Whether you’re building boxes, drawers or casework, these four sturdy and self-aligning rabbet joints sure come in handy. You can make them all on a table saw.
1. Overlap Rabbet
One big rabbet serves many project applications in this overlapping joint.
An overlap rabbet joint consists of one rabbet with a tongue that’s long enough to cover the thickness of the mating part. It’s a good choice for assembling drawers when economy is more important than brute strength or high style. Overlap rabbets are the preferred way to conceal back panels in cabinetry, and they offer more surface area for glue than butt joints when building boxes or carcasses of all sorts.
You can cut the rabbet in two passes with a standard blade, as shown here, or tackle it in a single swipe with a dado head. Be sure to reinforce this cross-grain glue joint with dowels or fasteners driven through the rabbet tongue.
2. Double Rabbet
Twin rabbets combine to make carcass assembly easier.
Double rabbet joints offer the same self-aligning benefits as overlap rabbets, only this time, both parts are rabbeted to fit together one over the other. If you don’t own a biscuit joiner or a pocket-screw jig, here’s a good alternative for bringing those cabinet or box carcasses together with fewer headaches.
The stepped design of the joint will keep big panels from shifting out of whack once glue is applied and you’re installing the clamps. Then, lock the parts with brads to strengthen the glue bond and form a mechanical connection.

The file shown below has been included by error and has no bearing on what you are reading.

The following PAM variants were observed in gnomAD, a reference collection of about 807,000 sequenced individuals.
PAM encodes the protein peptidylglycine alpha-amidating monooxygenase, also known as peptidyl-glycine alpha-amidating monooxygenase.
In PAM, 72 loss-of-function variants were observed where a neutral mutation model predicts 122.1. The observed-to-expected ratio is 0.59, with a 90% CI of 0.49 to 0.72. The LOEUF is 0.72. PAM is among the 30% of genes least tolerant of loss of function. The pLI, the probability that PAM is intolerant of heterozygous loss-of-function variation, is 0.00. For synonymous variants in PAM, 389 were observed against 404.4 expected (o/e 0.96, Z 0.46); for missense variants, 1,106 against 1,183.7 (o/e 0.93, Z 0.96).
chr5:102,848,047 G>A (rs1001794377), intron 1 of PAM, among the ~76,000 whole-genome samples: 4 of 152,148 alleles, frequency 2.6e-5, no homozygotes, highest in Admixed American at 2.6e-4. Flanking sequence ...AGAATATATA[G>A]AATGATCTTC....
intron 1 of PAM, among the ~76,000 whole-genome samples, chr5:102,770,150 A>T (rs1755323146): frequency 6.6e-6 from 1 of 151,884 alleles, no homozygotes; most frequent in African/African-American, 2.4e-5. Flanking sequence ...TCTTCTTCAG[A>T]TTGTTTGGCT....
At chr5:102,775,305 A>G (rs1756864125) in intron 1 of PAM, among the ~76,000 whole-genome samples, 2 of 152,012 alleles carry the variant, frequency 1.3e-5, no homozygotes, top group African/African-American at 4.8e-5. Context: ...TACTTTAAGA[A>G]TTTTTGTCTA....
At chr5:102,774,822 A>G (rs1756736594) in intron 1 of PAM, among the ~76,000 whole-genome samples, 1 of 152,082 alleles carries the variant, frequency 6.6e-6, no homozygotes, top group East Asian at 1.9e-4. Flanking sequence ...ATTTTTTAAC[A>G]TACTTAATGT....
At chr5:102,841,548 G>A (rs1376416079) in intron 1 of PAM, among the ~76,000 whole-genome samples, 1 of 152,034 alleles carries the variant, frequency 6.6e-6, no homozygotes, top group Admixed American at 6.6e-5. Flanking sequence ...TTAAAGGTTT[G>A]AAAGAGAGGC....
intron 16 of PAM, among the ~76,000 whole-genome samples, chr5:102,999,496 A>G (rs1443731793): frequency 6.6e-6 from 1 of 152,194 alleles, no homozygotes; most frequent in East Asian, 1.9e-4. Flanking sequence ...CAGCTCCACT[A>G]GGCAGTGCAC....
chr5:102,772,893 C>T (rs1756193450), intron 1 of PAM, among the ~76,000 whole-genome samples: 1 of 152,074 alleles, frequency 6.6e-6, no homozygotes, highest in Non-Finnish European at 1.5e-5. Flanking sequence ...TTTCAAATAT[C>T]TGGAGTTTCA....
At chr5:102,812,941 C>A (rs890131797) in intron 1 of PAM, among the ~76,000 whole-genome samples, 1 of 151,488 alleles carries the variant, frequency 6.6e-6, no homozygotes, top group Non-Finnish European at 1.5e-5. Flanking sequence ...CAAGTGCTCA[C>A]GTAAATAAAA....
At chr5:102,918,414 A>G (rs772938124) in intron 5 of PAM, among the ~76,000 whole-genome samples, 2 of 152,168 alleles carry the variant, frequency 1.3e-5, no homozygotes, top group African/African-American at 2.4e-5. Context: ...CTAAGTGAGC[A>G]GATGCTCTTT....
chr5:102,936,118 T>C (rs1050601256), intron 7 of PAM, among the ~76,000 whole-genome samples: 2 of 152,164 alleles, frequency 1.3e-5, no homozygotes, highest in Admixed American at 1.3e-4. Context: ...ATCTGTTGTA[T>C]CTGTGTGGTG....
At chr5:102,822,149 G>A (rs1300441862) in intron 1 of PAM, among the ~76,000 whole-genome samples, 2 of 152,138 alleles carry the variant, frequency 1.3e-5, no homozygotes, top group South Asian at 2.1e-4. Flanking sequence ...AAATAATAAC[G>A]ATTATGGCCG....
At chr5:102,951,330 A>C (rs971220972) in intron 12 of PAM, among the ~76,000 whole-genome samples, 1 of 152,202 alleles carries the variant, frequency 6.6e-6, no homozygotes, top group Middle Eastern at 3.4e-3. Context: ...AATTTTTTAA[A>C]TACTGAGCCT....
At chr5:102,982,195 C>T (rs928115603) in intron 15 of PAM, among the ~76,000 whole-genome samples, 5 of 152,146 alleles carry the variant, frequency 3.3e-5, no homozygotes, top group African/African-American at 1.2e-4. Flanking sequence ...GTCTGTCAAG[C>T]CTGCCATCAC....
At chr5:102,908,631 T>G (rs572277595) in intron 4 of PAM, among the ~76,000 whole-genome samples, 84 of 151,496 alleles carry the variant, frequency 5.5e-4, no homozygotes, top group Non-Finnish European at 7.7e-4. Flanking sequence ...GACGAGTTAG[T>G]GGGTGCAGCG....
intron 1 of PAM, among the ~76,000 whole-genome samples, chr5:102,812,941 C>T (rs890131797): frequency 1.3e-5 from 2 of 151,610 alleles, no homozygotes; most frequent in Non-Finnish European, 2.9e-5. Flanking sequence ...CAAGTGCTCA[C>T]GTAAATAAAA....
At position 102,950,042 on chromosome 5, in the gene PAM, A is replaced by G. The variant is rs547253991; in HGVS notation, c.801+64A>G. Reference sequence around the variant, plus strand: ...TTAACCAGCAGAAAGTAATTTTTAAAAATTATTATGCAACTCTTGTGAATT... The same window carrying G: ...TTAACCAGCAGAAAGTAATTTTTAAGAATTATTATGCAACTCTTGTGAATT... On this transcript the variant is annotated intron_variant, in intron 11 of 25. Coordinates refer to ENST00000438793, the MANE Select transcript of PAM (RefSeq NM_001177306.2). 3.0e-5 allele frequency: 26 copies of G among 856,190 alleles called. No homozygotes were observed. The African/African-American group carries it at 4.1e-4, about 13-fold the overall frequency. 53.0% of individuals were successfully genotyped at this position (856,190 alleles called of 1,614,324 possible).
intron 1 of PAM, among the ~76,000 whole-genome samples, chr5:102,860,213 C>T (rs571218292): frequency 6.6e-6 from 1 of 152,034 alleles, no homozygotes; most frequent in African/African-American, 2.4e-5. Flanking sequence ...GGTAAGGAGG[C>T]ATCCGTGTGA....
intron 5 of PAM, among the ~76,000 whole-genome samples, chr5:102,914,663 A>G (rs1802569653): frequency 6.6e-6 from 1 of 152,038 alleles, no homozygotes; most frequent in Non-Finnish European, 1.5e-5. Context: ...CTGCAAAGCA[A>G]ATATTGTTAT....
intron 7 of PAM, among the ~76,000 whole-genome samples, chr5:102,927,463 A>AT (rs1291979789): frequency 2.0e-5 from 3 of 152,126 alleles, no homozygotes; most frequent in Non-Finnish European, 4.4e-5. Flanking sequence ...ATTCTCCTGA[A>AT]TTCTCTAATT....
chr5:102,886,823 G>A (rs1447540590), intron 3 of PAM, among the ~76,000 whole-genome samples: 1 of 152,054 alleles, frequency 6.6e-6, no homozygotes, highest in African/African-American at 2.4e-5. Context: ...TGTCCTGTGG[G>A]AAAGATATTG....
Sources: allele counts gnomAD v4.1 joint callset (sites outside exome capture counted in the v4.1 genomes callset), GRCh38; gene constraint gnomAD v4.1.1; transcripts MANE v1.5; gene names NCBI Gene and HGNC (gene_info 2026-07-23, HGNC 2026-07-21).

The most efficient way to cut double rabbets, especially on larger workpieces, is facedown on the saw table with a dado blade. If you adjust the proportions of the rabbet carefully, so the tongue is exactly half the thickness of the workpiece, one setup takes care of both halves of the joint in short order.
3. Shelving Rabbet
“Rightsize” undersized plywood with a rabbet and dado.
The day will probably never come again where plywood will be a true 3/4" thick, but that doesn’t mean you have to invest in those specialized, undersized plywood bits for your router in order to work with it.
You don’t even have to shim a dado set to match the sheet thickness. Instead, turn to this simple shallow-shouldered rabbet joint and make that funky plywood thickness conform to your will. Start by cutting the dado side of the joint to the dado width you prefer.
As long as the blade’s cutting width is narrower than the plywood is thick, you’re all set — 1/2" or 5/8" works well. Then, clamp a sacrificial fence to the rip fence. Adjust the blade’s height and projection to cut the rabbet’s tongue so it matches the dado proportions.
In a couple of test cuts, sneak up on the precise fit. How’s that for taking the hassle out of matching those odd fractions? It’s a thrifty, problem-solving joint that works, no matter what plywood you’re using.
4. Blind Rabbet
One table saw setting completes an interlocking corner joint.
Blind rabbet joints use the pairing of a rabbet and dado to the best advantage. Here, the rabbet’s tongue is cut to fit a dado on the mating part, so the pieces can lock together positively. It’s an ideal joint for building drawer boxes that are covered by a separate drawer face.
Or use it to install the back panel on drawers with fancier front corner joinery. Since the dado completely surrounds the rabbet, there’s ample surface area for glue, so no need to add extra fasteners for reinforcement.
Blind rabbets are as efficient to build as they are sturdy. You can bang them out “production style” with a single dado-blade setup if the thicknesses of the parts match. But be careful: your blade and fence settings must be spot on for these parts to slip together as they should. Even the slightest discrepancy in saw settings will produce a mismatched joint.